Newbie with black-rotted vine - what to do

Discussion in 'Grape Growing & Vineyard Forum' started by Salinity, Jul 9, 2018.

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  1. Salinity

    Salinity Junior

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    Hi all - we recently purchased a home with 2 large and not well maintained grapevines of unknown variety (in RI). When I say large, I mean one trellis is pretty much a canopy 12 x 10 (actually looks to be 2 stems) and the other is a half-arc along a fence about 8 feet high and 10 feet long.

    Both vines are showing obvious signs of black rot all over the vines (not localized to one particular part of the vine). The vines are also certainly unwieldy and frankly, I can't tell what shoot is coming from what lead or stem, etc. I tried thinning it out a bit, but it's still a crazy mess and I didn't really know what I was doing, since I couldn't count leaves, etc. We would like to harvest good grapes from these vines eventually (we were told the Portuguese families around know these vines well and may come over to take excess grapes for wine making - we want to try that out ourselves!).

    At this point, what should my plan be? I've read I should remove infected leaves and clusters, but that's basically all of them. Should I just concentrate on the clusters or just the leaves? Should we wait until fall / winter and hack these back quite a bit? Thanks in advance for any advice.
     
  2. balatonwine

    balatonwine The Verecund Vigneron

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    Once parts of leaves and fruit have black rot, they have black rot. You can not undo it. But you can prevent further infection.

    But quite frankly, advice to remove infected leaves is only correct if a few leaves or fruit are affected. Else, let the plant take care of the issue, with a little help from you.

    First off, you can help protect those parts of the plant that are not yet infected. And this is rather important. So I would start by spraying any appropriate anti-black rot fungicide on your vines ASAP. And keep up the application frequently for the next few months. Vines will grow new leaves all summer. Those that are affected now may eventually self lysis and fall off, but they will be replaced by new young leaves. You want to keep those new young leaves treated so they do not also get black rot.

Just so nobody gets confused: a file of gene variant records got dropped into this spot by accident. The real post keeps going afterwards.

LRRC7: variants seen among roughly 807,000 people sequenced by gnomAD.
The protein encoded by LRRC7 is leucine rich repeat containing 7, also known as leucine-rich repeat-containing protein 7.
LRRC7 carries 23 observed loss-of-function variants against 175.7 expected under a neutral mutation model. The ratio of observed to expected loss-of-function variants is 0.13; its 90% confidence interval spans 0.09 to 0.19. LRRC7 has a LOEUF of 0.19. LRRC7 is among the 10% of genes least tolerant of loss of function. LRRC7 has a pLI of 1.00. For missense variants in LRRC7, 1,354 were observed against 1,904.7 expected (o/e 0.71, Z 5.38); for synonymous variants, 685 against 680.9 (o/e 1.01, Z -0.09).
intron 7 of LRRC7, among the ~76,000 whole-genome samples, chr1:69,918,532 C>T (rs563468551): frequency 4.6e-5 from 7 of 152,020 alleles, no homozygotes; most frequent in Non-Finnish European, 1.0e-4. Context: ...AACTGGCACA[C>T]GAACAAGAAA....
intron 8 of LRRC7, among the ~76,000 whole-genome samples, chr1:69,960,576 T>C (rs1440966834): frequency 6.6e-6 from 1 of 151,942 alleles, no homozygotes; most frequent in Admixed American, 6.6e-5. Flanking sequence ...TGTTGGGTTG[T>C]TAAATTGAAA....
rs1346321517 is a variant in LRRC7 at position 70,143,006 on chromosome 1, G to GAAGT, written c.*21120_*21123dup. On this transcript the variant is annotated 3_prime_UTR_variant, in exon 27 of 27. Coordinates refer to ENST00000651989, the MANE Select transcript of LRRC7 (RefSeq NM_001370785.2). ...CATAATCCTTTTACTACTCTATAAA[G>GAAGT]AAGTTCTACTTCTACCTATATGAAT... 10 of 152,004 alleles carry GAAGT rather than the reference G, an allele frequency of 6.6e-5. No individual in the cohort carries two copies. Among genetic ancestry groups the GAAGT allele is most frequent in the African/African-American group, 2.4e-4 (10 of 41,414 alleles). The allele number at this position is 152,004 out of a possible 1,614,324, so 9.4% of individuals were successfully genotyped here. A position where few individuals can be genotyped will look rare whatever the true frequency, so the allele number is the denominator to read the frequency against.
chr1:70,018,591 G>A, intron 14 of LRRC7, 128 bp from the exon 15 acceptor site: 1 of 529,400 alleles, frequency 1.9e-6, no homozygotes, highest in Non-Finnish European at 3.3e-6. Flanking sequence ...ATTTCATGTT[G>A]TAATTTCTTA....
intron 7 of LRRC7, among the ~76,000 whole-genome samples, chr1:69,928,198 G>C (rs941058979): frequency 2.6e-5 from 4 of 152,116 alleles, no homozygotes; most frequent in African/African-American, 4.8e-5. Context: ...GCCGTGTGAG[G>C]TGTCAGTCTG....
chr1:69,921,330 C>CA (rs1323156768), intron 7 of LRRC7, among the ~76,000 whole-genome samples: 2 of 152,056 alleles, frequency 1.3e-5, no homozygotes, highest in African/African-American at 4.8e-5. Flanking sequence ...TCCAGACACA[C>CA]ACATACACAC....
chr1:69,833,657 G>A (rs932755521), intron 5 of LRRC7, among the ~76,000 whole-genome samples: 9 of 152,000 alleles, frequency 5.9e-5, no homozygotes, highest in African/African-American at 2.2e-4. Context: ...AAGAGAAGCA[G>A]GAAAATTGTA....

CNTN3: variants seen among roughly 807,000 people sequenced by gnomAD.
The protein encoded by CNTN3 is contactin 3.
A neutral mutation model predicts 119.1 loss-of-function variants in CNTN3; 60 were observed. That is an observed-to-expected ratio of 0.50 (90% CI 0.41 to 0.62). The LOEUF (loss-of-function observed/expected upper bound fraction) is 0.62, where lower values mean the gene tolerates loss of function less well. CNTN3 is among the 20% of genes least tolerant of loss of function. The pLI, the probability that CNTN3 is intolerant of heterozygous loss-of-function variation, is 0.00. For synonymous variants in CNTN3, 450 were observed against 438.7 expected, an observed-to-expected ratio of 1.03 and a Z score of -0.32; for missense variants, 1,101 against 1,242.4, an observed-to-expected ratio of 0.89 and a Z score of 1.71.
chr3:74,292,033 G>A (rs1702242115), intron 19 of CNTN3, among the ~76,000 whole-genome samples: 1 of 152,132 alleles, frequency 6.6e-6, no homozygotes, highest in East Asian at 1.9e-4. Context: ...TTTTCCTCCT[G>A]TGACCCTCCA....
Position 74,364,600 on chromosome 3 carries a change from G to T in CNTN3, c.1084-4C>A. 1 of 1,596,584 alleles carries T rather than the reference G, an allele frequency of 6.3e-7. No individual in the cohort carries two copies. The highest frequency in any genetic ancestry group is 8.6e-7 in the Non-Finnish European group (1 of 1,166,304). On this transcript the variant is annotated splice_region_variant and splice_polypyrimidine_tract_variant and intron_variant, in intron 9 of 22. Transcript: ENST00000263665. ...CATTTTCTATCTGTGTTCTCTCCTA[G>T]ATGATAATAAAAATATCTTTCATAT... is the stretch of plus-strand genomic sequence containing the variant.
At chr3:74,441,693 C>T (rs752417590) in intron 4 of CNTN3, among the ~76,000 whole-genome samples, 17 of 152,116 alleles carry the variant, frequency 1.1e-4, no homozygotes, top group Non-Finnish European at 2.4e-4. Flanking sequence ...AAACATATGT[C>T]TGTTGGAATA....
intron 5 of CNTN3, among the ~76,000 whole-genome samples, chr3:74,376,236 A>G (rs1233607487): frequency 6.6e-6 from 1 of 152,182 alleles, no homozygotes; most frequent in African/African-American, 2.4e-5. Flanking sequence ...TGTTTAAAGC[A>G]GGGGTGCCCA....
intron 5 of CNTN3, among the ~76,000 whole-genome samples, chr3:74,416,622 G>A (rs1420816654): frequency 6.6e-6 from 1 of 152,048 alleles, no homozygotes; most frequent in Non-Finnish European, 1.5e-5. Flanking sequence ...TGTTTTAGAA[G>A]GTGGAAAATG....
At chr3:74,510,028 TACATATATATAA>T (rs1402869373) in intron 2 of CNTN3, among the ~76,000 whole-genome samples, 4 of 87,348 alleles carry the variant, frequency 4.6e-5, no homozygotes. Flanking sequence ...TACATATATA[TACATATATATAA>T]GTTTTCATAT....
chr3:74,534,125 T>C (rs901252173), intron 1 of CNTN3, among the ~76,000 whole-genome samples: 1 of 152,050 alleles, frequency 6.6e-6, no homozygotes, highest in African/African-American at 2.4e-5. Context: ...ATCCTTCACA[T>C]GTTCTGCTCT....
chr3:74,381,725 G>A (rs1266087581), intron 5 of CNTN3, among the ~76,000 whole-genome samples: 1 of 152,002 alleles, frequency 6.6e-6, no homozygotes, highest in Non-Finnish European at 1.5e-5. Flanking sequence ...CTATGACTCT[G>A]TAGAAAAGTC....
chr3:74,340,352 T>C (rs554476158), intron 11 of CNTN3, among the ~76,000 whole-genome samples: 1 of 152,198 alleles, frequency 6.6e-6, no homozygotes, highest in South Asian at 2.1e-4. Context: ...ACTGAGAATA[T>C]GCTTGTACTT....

And many leaves that have black rot may sill produce enough production for the plant that they will remain and overall benefit the plant.

    As for the grapes, they may be unusable. But again, it is a matter of degree. Some may be infected, but others may not be. For full cluster infection, yes I would cut them off as leaving them on just waste the vine's energy on a trying to ripen something that will never properly ripen. Let that energy rather be placed into the vine's overall health to make it through this infection. But if a cluster is only partially infected, try to just cut off the infected part. You may not be able to make wine from the fruit, but maybe some jams or jellies.
     
    Last edited: Jul 10, 2018
  3. Salinity

    Salinity Junior

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    Great - thanks. I started removing obviously infected clusters and sections of the vine (leaves and shoots) - when doing so, should I cut back the entire shoot to the cane (I think I have that terminology right), or just remove leaves and infected clusters? There certainly is a lot of new growth. I'll look into an anti-black rot fungicide as well.

    Cheers!
     
  4. Karl

    Karl Junior

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    Jason - question here. Why do you think it is black rot? From my experience black rot rarely affects the leaves, typically just the grape clusters. There should be no reason necessary to remove entire canes unless the entire cane is dying. Could it be Anthracnose? Phomopsis?

    Spraying vines that large also posses a problem. Picking a few good sprays is one thing, but applying the spray can be tricky if the vines are as large as you say.
     
  5. salcoco

    salcoco Veteran Wine Maker Supporting Member